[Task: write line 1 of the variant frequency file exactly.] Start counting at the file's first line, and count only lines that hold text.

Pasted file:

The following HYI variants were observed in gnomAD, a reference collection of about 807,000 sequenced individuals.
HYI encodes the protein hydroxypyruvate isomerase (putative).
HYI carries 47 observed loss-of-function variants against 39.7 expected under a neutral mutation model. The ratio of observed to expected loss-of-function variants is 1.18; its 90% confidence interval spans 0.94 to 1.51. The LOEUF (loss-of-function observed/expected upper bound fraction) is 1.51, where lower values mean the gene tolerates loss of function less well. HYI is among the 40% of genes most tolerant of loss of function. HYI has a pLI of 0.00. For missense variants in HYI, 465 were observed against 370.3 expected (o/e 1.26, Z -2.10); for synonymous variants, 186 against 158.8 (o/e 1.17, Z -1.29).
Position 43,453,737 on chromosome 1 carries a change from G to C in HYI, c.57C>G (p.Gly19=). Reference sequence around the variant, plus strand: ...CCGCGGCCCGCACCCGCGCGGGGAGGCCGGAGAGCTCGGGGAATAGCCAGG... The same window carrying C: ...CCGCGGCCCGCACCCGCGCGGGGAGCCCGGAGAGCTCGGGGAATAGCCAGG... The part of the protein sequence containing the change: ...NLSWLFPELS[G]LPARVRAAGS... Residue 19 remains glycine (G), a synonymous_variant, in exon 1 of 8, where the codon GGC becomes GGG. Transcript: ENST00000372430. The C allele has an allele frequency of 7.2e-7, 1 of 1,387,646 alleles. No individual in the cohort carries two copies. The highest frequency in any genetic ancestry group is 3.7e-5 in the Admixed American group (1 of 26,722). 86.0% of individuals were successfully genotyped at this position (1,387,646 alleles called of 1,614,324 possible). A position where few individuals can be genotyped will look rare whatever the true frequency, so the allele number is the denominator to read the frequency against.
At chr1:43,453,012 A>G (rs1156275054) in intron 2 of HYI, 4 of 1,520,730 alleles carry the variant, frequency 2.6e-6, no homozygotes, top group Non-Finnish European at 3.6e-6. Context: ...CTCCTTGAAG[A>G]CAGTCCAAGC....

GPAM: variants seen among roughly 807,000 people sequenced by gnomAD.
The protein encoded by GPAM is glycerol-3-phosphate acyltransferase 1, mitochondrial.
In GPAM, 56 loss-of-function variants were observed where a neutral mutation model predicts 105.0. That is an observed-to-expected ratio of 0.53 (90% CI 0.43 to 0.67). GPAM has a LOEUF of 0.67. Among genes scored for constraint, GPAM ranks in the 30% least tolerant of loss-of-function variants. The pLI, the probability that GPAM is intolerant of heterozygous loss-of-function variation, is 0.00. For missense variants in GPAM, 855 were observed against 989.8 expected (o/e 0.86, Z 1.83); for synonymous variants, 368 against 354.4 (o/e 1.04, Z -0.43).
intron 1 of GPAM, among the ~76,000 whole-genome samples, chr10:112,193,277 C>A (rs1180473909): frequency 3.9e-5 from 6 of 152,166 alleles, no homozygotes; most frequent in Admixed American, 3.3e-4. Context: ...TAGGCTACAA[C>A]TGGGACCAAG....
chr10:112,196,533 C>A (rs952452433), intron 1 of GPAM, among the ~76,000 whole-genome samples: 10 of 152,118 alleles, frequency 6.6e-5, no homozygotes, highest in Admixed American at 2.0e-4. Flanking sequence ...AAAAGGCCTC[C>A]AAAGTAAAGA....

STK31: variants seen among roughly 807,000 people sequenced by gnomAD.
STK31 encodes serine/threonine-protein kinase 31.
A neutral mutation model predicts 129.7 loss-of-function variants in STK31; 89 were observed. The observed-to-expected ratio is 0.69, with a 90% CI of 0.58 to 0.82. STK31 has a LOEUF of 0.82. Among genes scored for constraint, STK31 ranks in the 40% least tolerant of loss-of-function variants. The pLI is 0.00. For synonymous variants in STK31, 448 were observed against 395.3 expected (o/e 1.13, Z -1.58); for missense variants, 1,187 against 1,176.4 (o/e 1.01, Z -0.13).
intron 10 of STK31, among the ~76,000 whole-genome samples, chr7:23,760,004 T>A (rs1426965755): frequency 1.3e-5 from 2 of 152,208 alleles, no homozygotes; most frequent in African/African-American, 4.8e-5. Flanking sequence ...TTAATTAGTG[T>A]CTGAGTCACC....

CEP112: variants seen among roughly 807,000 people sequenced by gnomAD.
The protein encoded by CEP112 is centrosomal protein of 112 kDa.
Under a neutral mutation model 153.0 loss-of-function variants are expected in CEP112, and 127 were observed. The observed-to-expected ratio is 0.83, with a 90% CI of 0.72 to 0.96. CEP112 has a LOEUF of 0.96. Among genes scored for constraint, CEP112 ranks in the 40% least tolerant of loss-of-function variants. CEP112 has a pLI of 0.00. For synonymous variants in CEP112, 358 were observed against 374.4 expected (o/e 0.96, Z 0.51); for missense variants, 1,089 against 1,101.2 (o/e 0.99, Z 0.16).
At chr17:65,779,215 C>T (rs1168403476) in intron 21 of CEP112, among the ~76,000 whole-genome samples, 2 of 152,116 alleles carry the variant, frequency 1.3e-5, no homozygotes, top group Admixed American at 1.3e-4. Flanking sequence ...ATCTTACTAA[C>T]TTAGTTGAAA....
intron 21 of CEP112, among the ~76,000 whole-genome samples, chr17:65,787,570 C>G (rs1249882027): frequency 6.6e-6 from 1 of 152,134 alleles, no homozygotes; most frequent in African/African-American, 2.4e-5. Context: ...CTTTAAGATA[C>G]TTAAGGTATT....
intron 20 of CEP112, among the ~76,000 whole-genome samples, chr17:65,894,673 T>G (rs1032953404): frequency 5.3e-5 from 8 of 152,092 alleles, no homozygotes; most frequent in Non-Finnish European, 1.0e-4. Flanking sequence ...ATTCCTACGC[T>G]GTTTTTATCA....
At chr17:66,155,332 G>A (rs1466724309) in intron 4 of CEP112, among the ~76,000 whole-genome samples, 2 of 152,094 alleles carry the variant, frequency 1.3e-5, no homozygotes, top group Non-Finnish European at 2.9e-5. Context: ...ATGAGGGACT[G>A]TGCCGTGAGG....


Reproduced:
The following HYI variants were observed in gnomAD, a reference collection of about 807,000 sequenced individuals.